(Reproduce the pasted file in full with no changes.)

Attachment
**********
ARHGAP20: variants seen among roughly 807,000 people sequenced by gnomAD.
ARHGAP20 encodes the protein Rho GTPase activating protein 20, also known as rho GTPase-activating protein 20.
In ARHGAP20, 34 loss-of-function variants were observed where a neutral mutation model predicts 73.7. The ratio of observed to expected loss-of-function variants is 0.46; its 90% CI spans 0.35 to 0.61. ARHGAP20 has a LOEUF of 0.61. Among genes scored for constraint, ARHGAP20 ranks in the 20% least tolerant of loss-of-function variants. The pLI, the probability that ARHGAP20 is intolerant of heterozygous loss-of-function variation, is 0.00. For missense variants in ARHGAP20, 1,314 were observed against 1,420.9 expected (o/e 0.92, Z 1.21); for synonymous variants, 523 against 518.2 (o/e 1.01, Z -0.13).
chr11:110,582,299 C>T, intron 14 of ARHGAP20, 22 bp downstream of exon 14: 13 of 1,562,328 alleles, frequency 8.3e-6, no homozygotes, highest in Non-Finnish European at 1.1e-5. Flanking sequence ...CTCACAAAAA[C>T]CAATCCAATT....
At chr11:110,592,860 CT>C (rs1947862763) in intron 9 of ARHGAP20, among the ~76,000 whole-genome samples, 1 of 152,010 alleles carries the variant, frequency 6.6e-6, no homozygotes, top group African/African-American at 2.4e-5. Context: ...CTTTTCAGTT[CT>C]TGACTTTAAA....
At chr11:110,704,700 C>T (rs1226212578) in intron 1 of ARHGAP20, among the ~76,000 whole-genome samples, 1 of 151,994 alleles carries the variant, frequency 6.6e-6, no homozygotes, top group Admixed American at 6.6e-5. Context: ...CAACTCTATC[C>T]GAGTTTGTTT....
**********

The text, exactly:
ARHGAP20: variants seen among roughly 807,000 people sequenced by gnomAD.
ARHGAP20 encodes the protein Rho GTPase activating protein 20, also known as rho GTPase-activating protein 20.
In ARHGAP20, 34 loss-of-function variants were observed where a neutral mutation model predicts 73.7. The ratio of observed to expected loss-of-function variants is 0.46; its 90% CI spans 0.35 to 0.61. ARHGAP20 has a LOEUF of 0.61. Among genes scored for constraint, ARHGAP20 ranks in the 20% least tolerant of loss-of-function variants. The pLI, the probability that ARHGAP20 is intolerant of heterozygous loss-of-function variation, is 0.00. For missense variants in ARHGAP20, 1,314 were observed against 1,420.9 expected (o/e 0.92, Z 1.21); for synonymous variants, 523 against 518.2 (o/e 1.01, Z -0.13).
chr11:110,582,299 C>T, intron 14 of ARHGAP20, 22 bp downstream of exon 14: 13 of 1,562,328 alleles, frequency 8.3e-6, no homozygotes, highest in Non-Finnish European at 1.1e-5. Flanking sequence ...CTCACAAAAA[C>T]CAATCCAATT....
At chr11:110,592,860 CT>C (rs1947862763) in intron 9 of ARHGAP20, among the ~76,000 whole-genome samples, 1 of 152,010 alleles carries the variant, frequency 6.6e-6, no homozygotes, top group African/African-American at 2.4e-5. Context: ...CTTTTCAGTT[CT>C]TGACTTTAAA....
At chr11:110,704,700 C>T (rs1226212578) in intron 1 of ARHGAP20, among the ~76,000 whole-genome samples, 1 of 151,994 alleles carries the variant, frequency 6.6e-6, no homozygotes, top group Admixed American at 6.6e-5. Context: ...CAACTCTATC[C>T]GAGTTTGTTT....